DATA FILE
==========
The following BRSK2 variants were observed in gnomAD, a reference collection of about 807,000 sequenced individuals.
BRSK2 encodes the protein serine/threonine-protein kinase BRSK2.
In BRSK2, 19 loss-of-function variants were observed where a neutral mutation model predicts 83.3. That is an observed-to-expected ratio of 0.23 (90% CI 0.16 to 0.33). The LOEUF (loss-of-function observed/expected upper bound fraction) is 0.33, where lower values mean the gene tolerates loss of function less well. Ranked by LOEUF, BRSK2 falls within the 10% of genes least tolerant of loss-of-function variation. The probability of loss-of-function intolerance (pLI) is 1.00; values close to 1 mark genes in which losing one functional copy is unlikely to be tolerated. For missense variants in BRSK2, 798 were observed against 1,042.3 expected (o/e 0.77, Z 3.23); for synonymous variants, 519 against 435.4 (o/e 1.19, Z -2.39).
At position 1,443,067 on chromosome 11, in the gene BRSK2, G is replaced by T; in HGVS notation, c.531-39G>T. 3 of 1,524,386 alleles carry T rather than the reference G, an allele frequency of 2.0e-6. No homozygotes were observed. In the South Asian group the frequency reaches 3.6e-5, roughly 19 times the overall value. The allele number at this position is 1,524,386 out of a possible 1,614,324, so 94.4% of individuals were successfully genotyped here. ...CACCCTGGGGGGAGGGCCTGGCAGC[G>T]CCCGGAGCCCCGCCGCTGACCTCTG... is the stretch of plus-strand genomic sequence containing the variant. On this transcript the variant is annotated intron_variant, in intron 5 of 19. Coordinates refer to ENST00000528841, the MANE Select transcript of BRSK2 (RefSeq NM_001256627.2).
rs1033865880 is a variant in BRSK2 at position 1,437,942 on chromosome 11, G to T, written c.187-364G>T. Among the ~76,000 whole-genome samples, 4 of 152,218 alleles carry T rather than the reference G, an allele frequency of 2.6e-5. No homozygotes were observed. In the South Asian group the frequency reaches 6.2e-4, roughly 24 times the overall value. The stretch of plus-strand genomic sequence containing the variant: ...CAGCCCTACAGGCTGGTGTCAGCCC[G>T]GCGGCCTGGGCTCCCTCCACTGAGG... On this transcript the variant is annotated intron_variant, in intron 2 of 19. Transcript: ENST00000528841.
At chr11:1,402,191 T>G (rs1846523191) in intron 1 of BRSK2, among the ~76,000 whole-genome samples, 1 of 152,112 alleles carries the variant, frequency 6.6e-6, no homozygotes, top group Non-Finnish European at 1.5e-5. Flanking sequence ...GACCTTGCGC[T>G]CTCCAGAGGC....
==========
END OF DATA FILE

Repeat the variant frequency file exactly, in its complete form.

The following BRSK2 variants were observed in gnomAD, a reference collection of about 807,000 sequenced individuals.
BRSK2 encodes the protein serine/threonine-protein kinase BRSK2.
In BRSK2, 19 loss-of-function variants were observed where a neutral mutation model predicts 83.3. That is an observed-to-expected ratio of 0.23 (90% CI 0.16 to 0.33). The LOEUF (loss-of-function observed/expected upper bound fraction) is 0.33, where lower values mean the gene tolerates loss of function less well. Ranked by LOEUF, BRSK2 falls within the 10% of genes least tolerant of loss-of-function variation. The probability of loss-of-function intolerance (pLI) is 1.00; values close to 1 mark genes in which losing one functional copy is unlikely to be tolerated. For missense variants in BRSK2, 798 were observed against 1,042.3 expected (o/e 0.77, Z 3.23); for synonymous variants, 519 against 435.4 (o/e 1.19, Z -2.39).
At position 1,443,067 on chromosome 11, in the gene BRSK2, G is replaced by T; in HGVS notation, c.531-39G>T. 3 of 1,524,386 alleles carry T rather than the reference G, an allele frequency of 2.0e-6. No homozygotes were observed. In the South Asian group the frequency reaches 3.6e-5, roughly 19 times the overall value. The allele number at this position is 1,524,386 out of a possible 1,614,324, so 94.4% of individuals were successfully genotyped here. ...CACCCTGGGGGGAGGGCCTGGCAGC[G>T]CCCGGAGCCCCGCCGCTGACCTCTG... is the stretch of plus-strand genomic sequence containing the variant. On this transcript the variant is annotated intron_variant, in intron 5 of 19. Coordinates refer to ENST00000528841, the MANE Select transcript of BRSK2 (RefSeq NM_001256627.2).
rs1033865880 is a variant in BRSK2 at position 1,437,942 on chromosome 11, G to T, written c.187-364G>T. Among the ~76,000 whole-genome samples, 4 of 152,218 alleles carry T rather than the reference G, an allele frequency of 2.6e-5. No homozygotes were observed. In the South Asian group the frequency reaches 6.2e-4, roughly 24 times the overall value. The stretch of plus-strand genomic sequence containing the variant: ...CAGCCCTACAGGCTGGTGTCAGCCC[G>T]GCGGCCTGGGCTCCCTCCACTGAGG... On this transcript the variant is annotated intron_variant, in intron 2 of 19. Transcript: ENST00000528841.
At chr11:1,402,191 T>G (rs1846523191) in intron 1 of BRSK2, among the ~76,000 whole-genome samples, 1 of 152,112 alleles carries the variant, frequency 6.6e-6, no homozygotes, top group Non-Finnish European at 1.5e-5. Flanking sequence ...GACCTTGCGC[T>G]CTCCAGAGGC....